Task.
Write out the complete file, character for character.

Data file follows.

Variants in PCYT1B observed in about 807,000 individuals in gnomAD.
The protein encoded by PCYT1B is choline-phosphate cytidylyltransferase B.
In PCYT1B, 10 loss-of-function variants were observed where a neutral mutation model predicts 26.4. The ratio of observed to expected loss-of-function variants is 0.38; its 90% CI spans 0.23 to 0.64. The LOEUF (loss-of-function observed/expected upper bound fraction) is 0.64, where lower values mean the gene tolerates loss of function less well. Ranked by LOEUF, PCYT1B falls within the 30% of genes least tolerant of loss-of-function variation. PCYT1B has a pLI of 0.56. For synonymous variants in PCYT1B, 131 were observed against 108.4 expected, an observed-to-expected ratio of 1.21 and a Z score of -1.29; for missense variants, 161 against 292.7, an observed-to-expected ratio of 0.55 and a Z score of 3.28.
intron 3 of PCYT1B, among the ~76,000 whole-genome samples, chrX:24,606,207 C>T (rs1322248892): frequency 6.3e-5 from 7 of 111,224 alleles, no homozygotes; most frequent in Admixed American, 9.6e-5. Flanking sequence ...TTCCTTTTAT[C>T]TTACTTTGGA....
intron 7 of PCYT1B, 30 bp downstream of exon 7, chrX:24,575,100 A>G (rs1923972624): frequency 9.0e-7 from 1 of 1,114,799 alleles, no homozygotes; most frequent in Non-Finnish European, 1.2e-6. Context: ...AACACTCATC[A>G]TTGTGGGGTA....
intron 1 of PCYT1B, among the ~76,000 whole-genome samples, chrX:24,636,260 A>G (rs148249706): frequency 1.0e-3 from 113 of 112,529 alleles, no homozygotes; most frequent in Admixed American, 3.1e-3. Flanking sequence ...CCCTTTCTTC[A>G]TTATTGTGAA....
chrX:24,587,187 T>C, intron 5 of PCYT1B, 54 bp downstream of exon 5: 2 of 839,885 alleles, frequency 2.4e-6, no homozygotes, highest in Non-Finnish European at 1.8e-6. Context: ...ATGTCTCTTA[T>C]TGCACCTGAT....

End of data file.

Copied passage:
Variants in PCYT1B observed in about 807,000 individuals in gnomAD.
The protein encoded by PCYT1B is choline-phosphate cytidylyltransferase B.
In PCYT1B, 10 loss-of-function variants were observed where a neutral mutation model predicts 26.4. The ratio of observed to expected loss-of-function variants is 0.38; its 90% CI spans 0.23 to 0.64. The LOEUF (loss-of-function observed/expected upper bound fraction) is 0.64, where lower values mean the gene tolerates loss of function less well. Ranked by LOEUF, PCYT1B falls within the 30% of genes least tolerant of loss-of-function variation. PCYT1B has a pLI of 0.56. For synonymous variants in PCYT1B, 131 were observed against 108.4 expected, an observed-to-expected ratio of 1.21 and a Z score of -1.29; for missense variants, 161 against 292.7, an observed-to-expected ratio of 0.55 and a Z score of 3.28.
intron 3 of PCYT1B, among the ~76,000 whole-genome samples, chrX:24,606,207 C>T (rs1322248892): frequency 6.3e-5 from 7 of 111,224 alleles, no homozygotes; most frequent in Admixed American, 9.6e-5. Flanking sequence ...TTCCTTTTAT[C>T]TTACTTTGGA....
intron 7 of PCYT1B, 30 bp downstream of exon 7, chrX:24,575,100 A>G (rs1923972624): frequency 9.0e-7 from 1 of 1,114,799 alleles, no homozygotes; most frequent in Non-Finnish European, 1.2e-6. Context: ...AACACTCATC[A>G]TTGTGGGGTA....
intron 1 of PCYT1B, among the ~76,000 whole-genome samples, chrX:24,636,260 A>G (rs148249706): frequency 1.0e-3 from 113 of 112,529 alleles, no homozygotes; most frequent in Admixed American, 3.1e-3. Flanking sequence ...CCCTTTCTTC[A>G]TTATTGTGAA....
chrX:24,587,187 T>C, intron 5 of PCYT1B, 54 bp downstream of exon 5: 2 of 839,885 alleles, frequency 2.4e-6, no homozygotes, highest in Non-Finnish European at 1.8e-6. Context: ...ATGTCTCTTA[T>C]TGCACCTGAT....